Keep in mind that timing is everything in the stock market. You don’t want to buy on highs just before a correction. One of the best ways to time your buy-and-hold investments is through a gradual process called dollar-cost averaging, which involves making multiple equal investments over a period of time to ensure you don’t buy in at the top.

A common way to buy in gradually is to invest a portion of every paycheck or make automated contributions toward your investments every month or quarter.  

Step #4: Hold

Sometimes the hardest part of using a buy-and-hold strategy is the holding. Markets go up and down all the time. A little market volatility is enough to send some types of investors racing for the exit.  

Buy-and-hold investors who have done their research are holding investments they expect to pay off years down the road, not necessarily this week. Resist the urge to watch the markets every day, because the short-term price fluctuations don’t really matter to you until you decide it’s time to sell your investments

Step #5: Rebalance Occasionally

A healthy investment portfolio is one with proper asset allocation, but over time, some assets will move at different rates than others, creating an imbalance. When this happens, your portfolio will either become overexposed to risk or underexposed to potential returns. 

To avoid this issue, investors should rebalance their portfolios at least once annually. Many investors rebalance semi-annually, quarterly, or even monthly. 

Pros and Cons of the Buy-and-Hold Investment Strategy

As with any other strategy for accessing the market, there are pros and cons to consider if you’re thinking about becoming a buy-and-hold investor.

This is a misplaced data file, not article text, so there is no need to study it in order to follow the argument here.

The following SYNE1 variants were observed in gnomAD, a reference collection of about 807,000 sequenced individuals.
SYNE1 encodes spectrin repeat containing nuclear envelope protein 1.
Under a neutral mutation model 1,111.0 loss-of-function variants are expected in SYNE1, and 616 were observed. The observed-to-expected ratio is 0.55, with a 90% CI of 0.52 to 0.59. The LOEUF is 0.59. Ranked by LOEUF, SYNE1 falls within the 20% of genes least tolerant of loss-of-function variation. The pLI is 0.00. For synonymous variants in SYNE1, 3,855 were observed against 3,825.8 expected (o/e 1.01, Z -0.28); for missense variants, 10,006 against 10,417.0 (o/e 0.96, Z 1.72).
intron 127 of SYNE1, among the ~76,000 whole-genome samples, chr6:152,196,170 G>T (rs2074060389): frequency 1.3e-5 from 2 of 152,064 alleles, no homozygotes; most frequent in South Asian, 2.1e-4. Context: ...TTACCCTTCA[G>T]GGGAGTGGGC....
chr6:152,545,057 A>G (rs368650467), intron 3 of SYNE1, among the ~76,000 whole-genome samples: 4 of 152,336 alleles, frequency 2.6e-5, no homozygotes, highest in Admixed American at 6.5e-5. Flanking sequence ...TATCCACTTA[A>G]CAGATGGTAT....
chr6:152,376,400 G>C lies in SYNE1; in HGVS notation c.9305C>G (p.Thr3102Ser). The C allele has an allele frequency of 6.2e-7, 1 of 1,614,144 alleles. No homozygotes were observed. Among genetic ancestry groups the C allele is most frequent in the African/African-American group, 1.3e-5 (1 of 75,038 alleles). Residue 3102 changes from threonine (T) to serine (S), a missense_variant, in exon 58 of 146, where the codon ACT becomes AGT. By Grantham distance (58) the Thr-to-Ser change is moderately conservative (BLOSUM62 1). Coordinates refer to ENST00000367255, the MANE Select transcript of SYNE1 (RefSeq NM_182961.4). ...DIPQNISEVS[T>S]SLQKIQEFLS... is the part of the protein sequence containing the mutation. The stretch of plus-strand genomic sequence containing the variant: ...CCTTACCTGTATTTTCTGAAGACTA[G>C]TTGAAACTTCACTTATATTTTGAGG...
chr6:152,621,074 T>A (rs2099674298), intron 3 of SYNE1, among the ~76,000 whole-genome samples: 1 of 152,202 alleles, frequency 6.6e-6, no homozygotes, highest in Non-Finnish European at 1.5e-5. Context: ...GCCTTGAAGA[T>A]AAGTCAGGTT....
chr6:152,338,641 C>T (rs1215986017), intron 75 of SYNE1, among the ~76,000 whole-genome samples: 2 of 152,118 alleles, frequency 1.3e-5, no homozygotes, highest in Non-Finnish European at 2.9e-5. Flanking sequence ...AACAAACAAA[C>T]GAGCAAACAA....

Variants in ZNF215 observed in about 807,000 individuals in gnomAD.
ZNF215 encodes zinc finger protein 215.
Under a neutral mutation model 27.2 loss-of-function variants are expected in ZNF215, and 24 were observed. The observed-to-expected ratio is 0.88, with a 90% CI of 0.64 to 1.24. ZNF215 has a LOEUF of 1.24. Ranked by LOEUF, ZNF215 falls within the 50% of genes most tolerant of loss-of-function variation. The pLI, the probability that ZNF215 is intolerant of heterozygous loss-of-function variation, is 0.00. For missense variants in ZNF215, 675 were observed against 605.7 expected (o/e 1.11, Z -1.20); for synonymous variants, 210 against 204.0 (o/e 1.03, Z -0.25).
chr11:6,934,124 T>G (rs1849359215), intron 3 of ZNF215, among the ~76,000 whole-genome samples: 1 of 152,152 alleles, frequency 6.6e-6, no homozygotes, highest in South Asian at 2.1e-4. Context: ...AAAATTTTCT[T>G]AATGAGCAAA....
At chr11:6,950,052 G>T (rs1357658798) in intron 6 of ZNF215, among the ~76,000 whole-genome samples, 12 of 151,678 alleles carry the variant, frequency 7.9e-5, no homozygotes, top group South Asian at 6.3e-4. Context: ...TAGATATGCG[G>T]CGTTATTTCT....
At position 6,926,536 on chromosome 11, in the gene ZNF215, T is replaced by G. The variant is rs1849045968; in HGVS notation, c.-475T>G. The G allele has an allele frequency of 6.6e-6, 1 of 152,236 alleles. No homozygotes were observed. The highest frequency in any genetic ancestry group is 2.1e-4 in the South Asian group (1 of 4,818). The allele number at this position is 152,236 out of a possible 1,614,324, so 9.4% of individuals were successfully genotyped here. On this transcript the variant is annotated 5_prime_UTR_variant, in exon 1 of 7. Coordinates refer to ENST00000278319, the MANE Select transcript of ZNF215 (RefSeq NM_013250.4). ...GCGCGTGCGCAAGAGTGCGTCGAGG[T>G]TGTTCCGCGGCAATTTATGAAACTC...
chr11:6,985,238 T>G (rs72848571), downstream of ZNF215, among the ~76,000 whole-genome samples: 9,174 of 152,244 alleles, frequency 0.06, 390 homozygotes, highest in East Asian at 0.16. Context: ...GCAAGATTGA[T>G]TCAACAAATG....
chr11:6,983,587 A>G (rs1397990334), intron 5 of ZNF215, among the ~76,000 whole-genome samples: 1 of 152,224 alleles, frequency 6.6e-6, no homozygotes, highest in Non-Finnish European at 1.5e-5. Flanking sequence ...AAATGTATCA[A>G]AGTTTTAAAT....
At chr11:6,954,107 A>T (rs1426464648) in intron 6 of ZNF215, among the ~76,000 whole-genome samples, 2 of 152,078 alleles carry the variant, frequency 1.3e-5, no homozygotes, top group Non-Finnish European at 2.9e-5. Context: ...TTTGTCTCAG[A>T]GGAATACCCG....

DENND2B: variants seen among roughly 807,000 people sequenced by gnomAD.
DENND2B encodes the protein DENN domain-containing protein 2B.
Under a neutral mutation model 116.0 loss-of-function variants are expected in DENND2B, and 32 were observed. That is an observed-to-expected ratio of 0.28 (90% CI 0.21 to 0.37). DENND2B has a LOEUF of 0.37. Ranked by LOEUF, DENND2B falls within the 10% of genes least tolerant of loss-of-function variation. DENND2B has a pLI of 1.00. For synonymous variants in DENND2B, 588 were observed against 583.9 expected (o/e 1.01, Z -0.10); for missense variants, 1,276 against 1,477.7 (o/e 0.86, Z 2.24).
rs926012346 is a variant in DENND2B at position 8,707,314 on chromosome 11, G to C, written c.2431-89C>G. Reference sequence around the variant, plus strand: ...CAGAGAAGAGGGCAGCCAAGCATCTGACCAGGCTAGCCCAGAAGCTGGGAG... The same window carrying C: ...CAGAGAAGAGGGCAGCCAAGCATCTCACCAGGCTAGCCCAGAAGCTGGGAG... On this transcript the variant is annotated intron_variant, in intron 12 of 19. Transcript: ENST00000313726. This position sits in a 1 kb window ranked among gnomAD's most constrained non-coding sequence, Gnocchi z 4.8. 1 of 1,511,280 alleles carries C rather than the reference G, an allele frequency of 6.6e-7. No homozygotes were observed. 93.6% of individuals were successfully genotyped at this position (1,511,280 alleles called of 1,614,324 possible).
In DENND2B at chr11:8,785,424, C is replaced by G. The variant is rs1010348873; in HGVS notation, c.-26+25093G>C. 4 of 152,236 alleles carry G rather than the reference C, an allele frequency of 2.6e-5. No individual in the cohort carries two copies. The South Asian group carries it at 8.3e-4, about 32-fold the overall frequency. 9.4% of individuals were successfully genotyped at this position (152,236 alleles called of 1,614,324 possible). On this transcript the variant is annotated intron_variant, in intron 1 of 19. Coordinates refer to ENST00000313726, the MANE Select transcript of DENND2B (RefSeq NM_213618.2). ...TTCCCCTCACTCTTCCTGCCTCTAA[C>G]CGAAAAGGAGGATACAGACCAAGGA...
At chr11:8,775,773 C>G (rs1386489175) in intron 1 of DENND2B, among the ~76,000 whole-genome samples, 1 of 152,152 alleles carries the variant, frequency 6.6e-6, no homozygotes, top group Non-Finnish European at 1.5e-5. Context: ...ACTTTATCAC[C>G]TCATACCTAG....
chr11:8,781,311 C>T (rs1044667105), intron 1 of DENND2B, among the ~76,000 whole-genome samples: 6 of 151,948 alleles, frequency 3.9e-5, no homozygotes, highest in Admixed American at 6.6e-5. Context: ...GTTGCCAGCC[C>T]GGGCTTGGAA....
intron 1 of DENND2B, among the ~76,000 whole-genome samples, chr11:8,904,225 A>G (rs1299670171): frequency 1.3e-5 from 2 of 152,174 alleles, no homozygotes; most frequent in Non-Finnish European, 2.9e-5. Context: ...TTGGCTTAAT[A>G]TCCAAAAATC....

Pros of the Buy-and-Hold Strategy

Some of the biggest perks to using this strategy include:

1. A Common-Sense Approach

Rather than using intricate technical analysis in an attempt to exploit market volatility, the buy-and-hold strategy takes a more common-sense approach. The goal is to find companies that are successful and likely to maintain their success over time. 

You won’t need complex math, a detailed understanding of technical indicators, or the expertise to find patterns in a chart when taking this approach to investing. 

2. Low Taxes on Capital Gains

Any time you make money in the United States, the IRS wants its cut. That cut is smaller on gains from investments held for a year or more than it is on gains from short-term investments. 

According to the IRS, most investors will pay long-term capital gains taxes of no more than 15%. High-income earners will pay a maximum of 20%. However, short-term capital gains are considered standard income, taxed at the standard income tax rate, which caps out at 37%, according to the Tax Foundation.

3. No Need for Market Timing